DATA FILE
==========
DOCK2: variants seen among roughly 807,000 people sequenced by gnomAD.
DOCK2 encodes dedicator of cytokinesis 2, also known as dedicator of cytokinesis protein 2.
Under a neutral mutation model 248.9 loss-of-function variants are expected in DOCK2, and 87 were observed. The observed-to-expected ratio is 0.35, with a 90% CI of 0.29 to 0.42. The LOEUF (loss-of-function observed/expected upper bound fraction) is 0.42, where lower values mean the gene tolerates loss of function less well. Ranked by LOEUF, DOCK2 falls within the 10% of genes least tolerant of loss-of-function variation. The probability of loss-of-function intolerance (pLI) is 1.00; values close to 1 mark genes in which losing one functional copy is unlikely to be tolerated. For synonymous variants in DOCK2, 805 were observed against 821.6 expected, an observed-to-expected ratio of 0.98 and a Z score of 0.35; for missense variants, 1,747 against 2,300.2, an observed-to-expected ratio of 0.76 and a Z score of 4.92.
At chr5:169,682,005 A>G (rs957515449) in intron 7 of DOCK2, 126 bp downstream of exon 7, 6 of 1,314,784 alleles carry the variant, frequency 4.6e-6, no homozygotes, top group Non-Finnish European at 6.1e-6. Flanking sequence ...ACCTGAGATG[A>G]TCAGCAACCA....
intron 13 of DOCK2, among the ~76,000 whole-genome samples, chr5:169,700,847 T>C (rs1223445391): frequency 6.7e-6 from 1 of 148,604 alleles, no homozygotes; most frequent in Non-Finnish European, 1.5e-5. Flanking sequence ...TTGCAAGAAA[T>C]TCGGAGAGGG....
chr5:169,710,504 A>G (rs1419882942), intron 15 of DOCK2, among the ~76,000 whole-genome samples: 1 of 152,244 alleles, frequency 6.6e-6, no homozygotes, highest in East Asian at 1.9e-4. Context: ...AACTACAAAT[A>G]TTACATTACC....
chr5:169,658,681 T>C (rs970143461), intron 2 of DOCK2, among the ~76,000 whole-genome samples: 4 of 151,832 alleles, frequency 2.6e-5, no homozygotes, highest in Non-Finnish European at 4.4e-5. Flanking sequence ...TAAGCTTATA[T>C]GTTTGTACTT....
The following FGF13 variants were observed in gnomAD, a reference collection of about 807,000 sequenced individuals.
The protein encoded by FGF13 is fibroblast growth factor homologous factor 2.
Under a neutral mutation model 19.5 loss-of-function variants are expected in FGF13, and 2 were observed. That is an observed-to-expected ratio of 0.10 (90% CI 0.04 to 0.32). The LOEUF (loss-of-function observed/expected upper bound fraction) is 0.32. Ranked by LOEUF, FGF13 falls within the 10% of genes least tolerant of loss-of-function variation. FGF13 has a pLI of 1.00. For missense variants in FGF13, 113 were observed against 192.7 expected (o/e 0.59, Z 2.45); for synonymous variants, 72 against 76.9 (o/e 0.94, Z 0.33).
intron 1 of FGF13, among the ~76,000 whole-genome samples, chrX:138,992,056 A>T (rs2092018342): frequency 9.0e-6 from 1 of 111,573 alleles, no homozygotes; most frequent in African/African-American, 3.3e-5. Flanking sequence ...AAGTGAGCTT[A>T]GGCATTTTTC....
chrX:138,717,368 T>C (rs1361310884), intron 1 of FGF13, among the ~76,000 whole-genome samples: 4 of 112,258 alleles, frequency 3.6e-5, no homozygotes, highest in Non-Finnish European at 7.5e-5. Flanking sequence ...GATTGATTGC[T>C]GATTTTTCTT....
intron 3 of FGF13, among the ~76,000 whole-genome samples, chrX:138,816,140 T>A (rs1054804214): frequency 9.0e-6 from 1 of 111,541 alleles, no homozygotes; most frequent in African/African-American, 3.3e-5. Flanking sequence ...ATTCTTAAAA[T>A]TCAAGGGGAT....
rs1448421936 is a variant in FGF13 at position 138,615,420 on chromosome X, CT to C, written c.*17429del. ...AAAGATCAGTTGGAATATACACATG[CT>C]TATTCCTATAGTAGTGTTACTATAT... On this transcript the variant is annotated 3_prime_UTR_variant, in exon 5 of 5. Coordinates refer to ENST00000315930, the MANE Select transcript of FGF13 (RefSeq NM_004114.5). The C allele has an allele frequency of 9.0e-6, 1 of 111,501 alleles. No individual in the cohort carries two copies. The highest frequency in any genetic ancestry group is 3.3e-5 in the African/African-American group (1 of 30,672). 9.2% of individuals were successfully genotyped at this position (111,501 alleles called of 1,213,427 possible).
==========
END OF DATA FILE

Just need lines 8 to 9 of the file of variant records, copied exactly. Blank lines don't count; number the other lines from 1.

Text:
The following FGF13 variants were observed in gnomAD, a reference collection of about 807,000 sequenced individuals.
The protein encoded by FGF13 is fibroblast growth factor homologous factor 2.